I usually shy away from anything too spiritual or religious, because I do realize many of my readers are atheist, agnostic, or of differing faiths–and I respect their right to believe as they wish.   But today in church when the priest asked us to “add our own prayers,” I felt inspired to pray a particular prayer that has great meaning to me, for a myriad of reasons.   I would like to share it here, so maybe others can join me in prayer for these things that are so important to me.

*****

Dear Father,

You have created us all in your own image. I don’t believe you have left anyone out of your great bounty and the hope for eternal life, in spite of what some Christians and others believe.      I don’t believe that Christ’s death on the cross was a “limited atonement” meant only for a select few (as Calvinists believe).   I believe he died for us all, and offers all of us the chance for redemption and healing, no matter how hopeless things may seem.

PTSD, C-PTSD, and narcissistic abuse survivors.

God, please shower your grace and compassion on all victims of narcissistic abuse and all people suffering from PTSD and C-PTSD, that they may find comfort in your arms and be able to trust again, realize that there is still goodness in the world, and eventually, that they may find loving, healthy relationships and friendships that do not turn abusive.  Many survivors have turned to you when everyone else seemed to be turning away from them and rejecting them, and found that you were there and were listening.  But many, especially if they were rejected or scapegoated by their own families, are so damaged they have trouble trusting anyone at all, even You.   Please give them the courage to turn to you when things are at their darkest and it seems like they have no allies.  Please help them to trust you, and to heal from abuse, regain their sense of self worth and self-esteem,  and be whole and happy again. Please show them that what happened to them didn’t happen in vain, and that they are so much stronger than they realize because of the adversity they had to face.  Please let them feel the loving arms of Jesus Christ holding and protecting them from harm.  Guide them on the path to become whole again, and to use what they learned to help others heal, should that be your will for them.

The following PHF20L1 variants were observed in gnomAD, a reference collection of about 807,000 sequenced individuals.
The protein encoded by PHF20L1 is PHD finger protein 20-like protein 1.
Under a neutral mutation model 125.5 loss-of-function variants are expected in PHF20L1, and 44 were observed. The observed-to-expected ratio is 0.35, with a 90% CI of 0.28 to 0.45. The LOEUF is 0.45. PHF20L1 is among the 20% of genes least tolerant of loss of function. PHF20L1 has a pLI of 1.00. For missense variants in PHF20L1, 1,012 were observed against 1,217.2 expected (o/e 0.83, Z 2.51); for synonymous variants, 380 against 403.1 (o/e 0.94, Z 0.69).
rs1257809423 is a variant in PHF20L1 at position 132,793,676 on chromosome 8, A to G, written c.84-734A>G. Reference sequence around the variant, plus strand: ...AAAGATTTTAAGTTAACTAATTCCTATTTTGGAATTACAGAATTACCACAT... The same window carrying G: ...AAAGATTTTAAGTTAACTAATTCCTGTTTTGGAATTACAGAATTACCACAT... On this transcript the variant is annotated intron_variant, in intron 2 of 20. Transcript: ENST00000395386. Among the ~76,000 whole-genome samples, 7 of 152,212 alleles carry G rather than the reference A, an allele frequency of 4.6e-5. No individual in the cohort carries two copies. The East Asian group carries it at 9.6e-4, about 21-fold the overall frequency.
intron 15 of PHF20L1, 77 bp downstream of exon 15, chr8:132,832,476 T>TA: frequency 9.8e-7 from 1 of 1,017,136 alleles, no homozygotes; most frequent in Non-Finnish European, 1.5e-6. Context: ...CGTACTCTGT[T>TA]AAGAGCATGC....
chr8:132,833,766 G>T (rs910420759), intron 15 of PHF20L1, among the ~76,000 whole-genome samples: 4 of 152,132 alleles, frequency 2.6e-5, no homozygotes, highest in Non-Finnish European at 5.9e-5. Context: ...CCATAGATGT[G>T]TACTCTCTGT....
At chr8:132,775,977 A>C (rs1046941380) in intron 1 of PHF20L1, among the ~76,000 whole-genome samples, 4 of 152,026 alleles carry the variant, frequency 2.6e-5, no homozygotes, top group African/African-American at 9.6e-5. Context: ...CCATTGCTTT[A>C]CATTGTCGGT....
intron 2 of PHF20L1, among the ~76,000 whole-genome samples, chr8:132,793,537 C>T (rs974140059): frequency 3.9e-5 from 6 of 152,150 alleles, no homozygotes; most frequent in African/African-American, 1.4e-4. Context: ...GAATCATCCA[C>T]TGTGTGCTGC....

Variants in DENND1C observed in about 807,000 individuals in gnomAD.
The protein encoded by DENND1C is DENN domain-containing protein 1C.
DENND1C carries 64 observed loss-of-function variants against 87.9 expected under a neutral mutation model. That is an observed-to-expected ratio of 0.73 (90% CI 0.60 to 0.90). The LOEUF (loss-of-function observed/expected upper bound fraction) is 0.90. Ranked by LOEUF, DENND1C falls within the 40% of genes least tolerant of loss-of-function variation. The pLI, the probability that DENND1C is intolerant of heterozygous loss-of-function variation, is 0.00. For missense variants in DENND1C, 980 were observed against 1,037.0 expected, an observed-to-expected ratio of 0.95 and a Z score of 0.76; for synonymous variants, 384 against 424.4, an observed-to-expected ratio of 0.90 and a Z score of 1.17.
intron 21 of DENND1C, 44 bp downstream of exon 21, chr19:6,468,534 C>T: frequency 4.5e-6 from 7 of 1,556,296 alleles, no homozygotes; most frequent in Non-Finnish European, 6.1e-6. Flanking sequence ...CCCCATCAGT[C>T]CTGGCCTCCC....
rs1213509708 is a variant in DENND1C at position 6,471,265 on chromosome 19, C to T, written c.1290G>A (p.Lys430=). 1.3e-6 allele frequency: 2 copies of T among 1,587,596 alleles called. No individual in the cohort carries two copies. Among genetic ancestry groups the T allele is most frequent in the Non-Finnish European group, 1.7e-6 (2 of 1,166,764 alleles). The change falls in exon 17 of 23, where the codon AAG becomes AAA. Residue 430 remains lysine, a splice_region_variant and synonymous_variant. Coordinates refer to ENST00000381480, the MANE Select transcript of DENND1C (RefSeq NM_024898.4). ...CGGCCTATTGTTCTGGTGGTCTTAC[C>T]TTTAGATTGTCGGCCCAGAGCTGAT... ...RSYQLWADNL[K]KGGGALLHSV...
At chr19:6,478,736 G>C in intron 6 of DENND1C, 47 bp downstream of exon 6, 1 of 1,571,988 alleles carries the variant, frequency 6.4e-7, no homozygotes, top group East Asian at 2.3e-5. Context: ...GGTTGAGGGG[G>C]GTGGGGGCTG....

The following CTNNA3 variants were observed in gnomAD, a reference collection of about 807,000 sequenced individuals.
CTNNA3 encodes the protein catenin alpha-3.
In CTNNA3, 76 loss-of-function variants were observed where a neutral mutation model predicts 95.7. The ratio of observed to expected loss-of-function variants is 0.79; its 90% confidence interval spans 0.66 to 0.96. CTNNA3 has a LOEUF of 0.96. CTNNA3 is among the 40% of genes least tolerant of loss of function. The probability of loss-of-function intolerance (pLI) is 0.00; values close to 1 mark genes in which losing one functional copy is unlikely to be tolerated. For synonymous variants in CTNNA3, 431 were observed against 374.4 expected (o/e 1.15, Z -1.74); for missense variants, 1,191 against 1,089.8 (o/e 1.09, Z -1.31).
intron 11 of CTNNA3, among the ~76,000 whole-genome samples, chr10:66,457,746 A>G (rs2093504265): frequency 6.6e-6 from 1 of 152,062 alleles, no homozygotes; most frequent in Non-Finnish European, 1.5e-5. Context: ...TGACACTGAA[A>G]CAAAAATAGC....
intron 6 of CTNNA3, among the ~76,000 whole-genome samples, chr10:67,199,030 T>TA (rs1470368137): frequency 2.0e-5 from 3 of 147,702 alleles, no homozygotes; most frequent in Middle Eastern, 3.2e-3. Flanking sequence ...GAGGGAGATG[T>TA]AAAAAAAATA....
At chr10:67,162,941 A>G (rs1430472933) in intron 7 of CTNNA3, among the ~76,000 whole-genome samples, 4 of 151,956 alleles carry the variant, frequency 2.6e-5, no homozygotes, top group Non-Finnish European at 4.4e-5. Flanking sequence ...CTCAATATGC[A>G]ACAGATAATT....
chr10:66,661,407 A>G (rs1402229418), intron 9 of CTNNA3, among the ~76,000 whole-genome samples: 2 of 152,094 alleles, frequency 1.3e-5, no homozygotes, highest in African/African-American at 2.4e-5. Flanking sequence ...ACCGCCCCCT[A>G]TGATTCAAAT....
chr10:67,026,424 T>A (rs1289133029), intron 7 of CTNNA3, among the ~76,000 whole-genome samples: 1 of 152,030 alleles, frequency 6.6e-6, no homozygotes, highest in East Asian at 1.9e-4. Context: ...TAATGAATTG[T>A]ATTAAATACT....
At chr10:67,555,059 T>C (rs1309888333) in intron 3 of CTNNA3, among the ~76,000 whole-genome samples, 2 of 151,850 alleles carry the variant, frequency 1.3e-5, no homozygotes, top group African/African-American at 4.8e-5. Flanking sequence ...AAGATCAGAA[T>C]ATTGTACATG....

Also, although anger is a necessary stage of healing (in order to leave an abusive situation or person), please allow victims who become trapped in their anger and hatred to be able to move on from it, because only then will healing be possible.   I’ve seen too many survivors who remain so mired in rage that they take on the traits of their abusers and acquire a victim mentality that does not allow them to move forward in their journey to healing.

As for myself, please don’t let me stray from the path you have set me on, which is beginning to be revealed to me. Please don’t allow me to become bogged down by envy, selfishness, or pride.   Don’t allow me to let my own will get in the way of what you have planned for me, for whenever I have forced my own will, it always turned out to be all wrong.

People with NPD, BPD and other Cluster B disorders.